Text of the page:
The Religion and Culture area provides students the opportunity to focus on materials not described or bounded by other department areas of emphasis. Students pursuing their studies in this area are expected to master a level of interdisciplinary as well as theoretical sophistication appropriate to their research interests and to the study of religion. Religion and Culture students also receive thorough grounding in relevant traditions and regions through substantive coursework taken in consultation with a faculty advisor. Prospective applicants to this area are strongly advised to consult with faculty regarding their proposed research program before submitting the “Statement of Purpose” for the application.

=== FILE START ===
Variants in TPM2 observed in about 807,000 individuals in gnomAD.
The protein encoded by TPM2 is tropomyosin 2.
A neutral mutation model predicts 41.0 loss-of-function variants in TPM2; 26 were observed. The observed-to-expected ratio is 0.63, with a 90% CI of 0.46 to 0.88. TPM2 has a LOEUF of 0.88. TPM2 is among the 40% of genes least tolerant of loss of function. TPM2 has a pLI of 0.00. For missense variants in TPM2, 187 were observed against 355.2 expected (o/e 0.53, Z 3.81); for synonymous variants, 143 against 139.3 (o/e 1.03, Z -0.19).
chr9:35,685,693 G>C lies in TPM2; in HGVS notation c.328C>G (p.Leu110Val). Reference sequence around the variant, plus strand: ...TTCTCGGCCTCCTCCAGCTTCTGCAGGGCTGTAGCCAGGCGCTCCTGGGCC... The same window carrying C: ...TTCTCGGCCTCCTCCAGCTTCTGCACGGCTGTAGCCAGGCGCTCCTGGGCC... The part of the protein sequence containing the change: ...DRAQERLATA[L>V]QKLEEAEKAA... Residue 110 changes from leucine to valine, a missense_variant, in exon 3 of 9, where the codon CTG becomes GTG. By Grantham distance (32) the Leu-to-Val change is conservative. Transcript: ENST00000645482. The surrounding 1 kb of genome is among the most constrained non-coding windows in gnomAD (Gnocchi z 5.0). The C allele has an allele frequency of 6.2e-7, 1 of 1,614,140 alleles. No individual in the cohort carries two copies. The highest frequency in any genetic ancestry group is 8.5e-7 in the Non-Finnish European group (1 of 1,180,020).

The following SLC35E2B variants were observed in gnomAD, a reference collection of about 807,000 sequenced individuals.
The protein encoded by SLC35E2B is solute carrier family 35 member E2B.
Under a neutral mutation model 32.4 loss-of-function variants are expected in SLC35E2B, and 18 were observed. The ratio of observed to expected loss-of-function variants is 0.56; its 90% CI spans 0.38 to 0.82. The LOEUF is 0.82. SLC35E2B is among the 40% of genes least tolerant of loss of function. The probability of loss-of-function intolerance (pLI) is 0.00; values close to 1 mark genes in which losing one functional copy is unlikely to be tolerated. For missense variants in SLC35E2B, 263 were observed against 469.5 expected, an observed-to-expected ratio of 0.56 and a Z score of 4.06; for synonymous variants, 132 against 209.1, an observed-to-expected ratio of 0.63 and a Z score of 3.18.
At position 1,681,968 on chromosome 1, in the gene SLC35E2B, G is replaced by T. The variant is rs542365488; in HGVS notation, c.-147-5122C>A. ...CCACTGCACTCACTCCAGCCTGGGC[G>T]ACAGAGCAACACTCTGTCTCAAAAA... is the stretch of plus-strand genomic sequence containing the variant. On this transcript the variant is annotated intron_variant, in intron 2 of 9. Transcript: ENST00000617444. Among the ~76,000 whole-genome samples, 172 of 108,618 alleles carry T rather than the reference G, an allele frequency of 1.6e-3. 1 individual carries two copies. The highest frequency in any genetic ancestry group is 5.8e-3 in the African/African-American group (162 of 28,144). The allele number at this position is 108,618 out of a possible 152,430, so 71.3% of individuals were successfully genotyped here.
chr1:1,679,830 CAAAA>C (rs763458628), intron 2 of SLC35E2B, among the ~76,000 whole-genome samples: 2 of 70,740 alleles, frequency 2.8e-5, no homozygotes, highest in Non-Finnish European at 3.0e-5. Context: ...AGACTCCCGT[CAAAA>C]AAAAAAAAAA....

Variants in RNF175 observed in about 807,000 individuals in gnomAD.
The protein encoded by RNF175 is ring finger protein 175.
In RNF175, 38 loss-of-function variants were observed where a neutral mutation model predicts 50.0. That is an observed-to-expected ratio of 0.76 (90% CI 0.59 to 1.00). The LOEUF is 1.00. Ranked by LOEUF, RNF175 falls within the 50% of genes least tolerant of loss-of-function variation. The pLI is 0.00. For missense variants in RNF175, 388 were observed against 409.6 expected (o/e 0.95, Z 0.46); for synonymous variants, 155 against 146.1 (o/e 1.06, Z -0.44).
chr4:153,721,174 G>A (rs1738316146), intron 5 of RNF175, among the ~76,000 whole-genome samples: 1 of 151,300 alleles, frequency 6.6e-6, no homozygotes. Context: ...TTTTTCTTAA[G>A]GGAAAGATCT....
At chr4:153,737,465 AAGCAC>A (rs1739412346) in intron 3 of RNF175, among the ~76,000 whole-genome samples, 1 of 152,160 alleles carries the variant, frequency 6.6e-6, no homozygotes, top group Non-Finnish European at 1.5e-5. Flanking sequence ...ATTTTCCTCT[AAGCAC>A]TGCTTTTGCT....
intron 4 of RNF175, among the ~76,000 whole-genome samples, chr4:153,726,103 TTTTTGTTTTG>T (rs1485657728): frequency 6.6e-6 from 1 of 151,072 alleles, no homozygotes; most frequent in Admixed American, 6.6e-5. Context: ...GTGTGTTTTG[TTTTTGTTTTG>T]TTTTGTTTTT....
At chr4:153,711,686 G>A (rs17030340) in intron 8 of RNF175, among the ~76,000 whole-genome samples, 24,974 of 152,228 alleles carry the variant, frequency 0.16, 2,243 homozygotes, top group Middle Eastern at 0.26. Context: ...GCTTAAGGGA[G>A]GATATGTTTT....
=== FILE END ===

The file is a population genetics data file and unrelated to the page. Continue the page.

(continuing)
Students in this area successfully propose a plan of study with a potential advisor, or a group of faculty that demonstrates a rigorous and cohesive set of courses, ideas, themes, and data. Study in this area may center on the exploration of texts, performances, archives, organizations, built environments, and spaces. It may include new media, visual art, film, literature, drama, dance, music, games, sports, and food. In general, students are encouraged to focus on the analysis of specific cultural forms and semiotic formations in and of themselves and in their contexts of production and fruition. Students may design projects through a variety of interpretive/analytic perspectives and methods in consultation with the advisor and faculty within and affiliated with religious studies. The aim of this area is to guide innovative students to the most appropriate methods and theories for their particular research topic as conditioned by symbolic systems, constituted by practices, mediated by cultural forms, ideologies, and lived experientially.
Faculty in the concentration: Professors Blankholm, Busto, Carlson, Elison, Pérez, Rambelli, Reynolds, Walker.